One Hiker Found Alive; Second Still Missing

The three-day long search brought crowds to Trabuco Canyon, and prompted the parents of one of the missing hikers to plead with inexperienced volunteers to stay home

A 19-year-old hiker who along with a friend has been missing in Cleveland National Forest for three days was found alive late Wednesday, Orange County Sheriff's Lt. Jason Park said.

Rescue crews ratcheted up their search of the rugged terrain about 7:50 p.m. after receiving a tip from a hiker who said he had spotted Nicholas Cendoya. The whereabouts of Cendoya's hiking companion Kyndall Jack, 18, were not immediately known, Park said.

As the search continued for Jack, Cendoya was airlifted from the canyon and taken to a hospital where he was listed in serious condition. Hospital officials told NBC4 Cendoya was foraging for food to survive.

"He is weak, severely dehydrated and slightly confused," OC Fire Authority’s Kris Concepcion said.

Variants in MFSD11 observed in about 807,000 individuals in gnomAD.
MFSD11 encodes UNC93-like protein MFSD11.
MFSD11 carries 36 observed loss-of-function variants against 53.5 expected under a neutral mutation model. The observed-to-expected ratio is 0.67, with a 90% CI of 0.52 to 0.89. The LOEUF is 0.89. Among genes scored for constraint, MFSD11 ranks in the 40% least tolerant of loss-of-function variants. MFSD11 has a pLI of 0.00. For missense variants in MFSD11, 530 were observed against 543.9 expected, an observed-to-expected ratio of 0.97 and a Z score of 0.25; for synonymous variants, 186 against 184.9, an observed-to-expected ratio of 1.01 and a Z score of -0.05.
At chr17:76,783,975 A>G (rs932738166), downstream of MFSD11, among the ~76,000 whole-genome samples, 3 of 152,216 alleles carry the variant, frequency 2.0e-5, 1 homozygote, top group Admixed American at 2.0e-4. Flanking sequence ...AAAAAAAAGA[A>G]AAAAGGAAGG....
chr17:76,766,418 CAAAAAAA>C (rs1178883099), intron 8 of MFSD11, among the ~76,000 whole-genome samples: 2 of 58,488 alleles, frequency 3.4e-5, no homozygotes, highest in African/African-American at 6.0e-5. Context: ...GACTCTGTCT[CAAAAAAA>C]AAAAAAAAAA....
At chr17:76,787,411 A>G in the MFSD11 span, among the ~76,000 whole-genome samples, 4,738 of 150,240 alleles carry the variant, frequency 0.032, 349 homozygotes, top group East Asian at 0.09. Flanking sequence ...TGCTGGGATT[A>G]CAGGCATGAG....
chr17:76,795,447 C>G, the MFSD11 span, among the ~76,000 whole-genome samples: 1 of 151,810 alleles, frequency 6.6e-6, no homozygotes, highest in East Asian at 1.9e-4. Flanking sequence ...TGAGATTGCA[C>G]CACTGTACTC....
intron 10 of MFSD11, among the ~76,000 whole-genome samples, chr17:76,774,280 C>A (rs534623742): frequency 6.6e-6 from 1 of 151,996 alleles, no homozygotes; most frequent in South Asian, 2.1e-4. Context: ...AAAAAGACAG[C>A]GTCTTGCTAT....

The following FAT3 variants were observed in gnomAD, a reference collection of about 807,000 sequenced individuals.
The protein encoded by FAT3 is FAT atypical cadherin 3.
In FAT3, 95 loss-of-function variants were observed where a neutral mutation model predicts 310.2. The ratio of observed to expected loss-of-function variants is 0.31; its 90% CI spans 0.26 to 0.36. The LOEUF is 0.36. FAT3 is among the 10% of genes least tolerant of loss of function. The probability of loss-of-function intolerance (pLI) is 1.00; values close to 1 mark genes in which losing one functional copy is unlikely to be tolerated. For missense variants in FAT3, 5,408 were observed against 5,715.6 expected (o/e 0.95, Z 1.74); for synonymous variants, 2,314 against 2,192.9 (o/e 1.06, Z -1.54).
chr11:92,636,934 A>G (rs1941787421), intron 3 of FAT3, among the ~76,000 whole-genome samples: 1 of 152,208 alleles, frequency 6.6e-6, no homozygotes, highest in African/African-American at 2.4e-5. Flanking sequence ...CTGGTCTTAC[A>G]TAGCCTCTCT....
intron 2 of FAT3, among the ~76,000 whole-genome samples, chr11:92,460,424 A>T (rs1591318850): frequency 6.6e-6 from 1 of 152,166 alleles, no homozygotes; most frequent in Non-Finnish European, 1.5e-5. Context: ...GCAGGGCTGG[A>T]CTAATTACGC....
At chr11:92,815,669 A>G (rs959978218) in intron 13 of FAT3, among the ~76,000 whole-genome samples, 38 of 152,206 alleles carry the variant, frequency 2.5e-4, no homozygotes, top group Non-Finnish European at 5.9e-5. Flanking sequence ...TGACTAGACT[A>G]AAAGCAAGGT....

Waiting at the Trabuco Canyon Fire Station, a command post during the search, Cendoya's friends and family erupted in cheers when they were told the teen had been found alive.

The young hikers, both from Costa Mesa and pictured below, had called 911 at 8:30 p.m. Easter Sunday to say they were lost, but their cell phone batteries died and authorities could not locate them.

Since Monday, searchers on foot, dogs and helicopters have been combing over a network of trails in the Holy Jim Canyon area, trying to find the two teens.

On Wednesday, dozens of volunteers joined official search crews that began work at 6 a.m. -- so many extra searchers that some were turned away. 

A couple of volunteer searchers had gotten lost in afternoon and were in cell phone communication with authorities, who had not been able to track them down as of 6 p.m., according to authorities on scene. 

And in a separate incident in a nearby canyon, a hiker unrelated to the search was also being airlifted out -- as shown below at right -- of the area after one had injured his back after slipping and falling near a waterfall.